Peace of mind. A living will gives you and your loved ones comfort and peace of mind. This is a stressful time, and a living will helps smooth out the logistics and questions that will arise.

Organ donation. You can state your instructions for organ donations in a living will.

Without a living will, decisions can become difficult for family when a loved one is in a terminal state. Families are left wondering whether they made the right decision. Your living will lets you approve and announce your health care decisions beforehand, avoiding confusion and fighting.

Reference: EMS1.com (May 6, 2017) “Why EMS providers need living wills”


Here’s What an Estate Plan Can Do for You

Wills-trusts-and-estates-coveredThe need for an estate plan applies to everyone, says Trust Advisor’s recent article, Why An Estate Plan Is Beneficial.”

With a small estate, you should be even more careful to avoid unnecessary expenses and to retain the most resources for fulfilling your personal, financial, and charitable goals. The article cites four key reasons why you should have an estate plan:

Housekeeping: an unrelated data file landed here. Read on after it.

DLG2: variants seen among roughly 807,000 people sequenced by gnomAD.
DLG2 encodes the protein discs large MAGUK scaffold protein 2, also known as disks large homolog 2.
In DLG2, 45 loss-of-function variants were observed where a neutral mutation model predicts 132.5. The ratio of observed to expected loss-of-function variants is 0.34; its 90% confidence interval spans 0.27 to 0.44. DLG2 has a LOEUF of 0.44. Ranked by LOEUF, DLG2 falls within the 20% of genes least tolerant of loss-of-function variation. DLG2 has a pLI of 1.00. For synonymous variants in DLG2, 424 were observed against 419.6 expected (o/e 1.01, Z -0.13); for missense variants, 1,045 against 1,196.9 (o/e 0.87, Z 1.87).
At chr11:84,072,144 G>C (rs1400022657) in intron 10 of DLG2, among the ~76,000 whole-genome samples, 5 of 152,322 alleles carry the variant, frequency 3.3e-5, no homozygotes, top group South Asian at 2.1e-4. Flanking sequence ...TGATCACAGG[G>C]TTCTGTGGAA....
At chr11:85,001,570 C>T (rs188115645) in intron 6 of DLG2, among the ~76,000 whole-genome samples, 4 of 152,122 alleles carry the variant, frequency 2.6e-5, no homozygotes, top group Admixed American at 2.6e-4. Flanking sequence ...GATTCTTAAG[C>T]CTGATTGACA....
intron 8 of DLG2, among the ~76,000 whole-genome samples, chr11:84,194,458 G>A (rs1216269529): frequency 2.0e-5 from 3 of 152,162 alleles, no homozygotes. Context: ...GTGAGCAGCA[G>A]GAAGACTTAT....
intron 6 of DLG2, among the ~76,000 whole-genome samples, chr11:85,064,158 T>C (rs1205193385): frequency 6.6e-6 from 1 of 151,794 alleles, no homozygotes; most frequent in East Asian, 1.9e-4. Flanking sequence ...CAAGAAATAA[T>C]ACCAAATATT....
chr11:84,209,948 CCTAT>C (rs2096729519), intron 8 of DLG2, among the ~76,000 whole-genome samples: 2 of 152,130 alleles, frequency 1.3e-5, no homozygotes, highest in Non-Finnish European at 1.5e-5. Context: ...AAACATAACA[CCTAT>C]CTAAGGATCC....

1. Stipulating Care for Yourself. This includes a healthcare proxy, power of attorney and living will that states how you want to be cared for, if you become incapacitated.
  2. Financial Security. Your will lets you specify the way that you want your assets distributed and to whom. Without a will, state probate law will determine who receives your assets.
  3. Designating Guardians. If you have minor children, it’s critical to make written arrangements for their care. A will is the only legal way to do so in most states (e.g., California is an exception). You must designate a person that you want to be entrusted with the care of your children.
  4. Designating Beneficiaries. Your estate plan will include completing beneficiary forms for insurance policies and retirement accounts. It’s a good idea to review your designated beneficiaries after any major life event, like marriage, divorce, a death in the family or the birth or adoption of a child. Remember, you can also name a charity as a primary beneficiary or contingent beneficiary in your plan.

Reference: Trust Advisor (April 29, 2017) Why An Estate Plan Is Beneficial


Don’t Wait until It’s Too Late to Estate Plan

WillSome parents will engage their kids in disability and estate planning, with some viewing it a way to share the work and bring on a younger mind to help navigate the complexities of estate planning.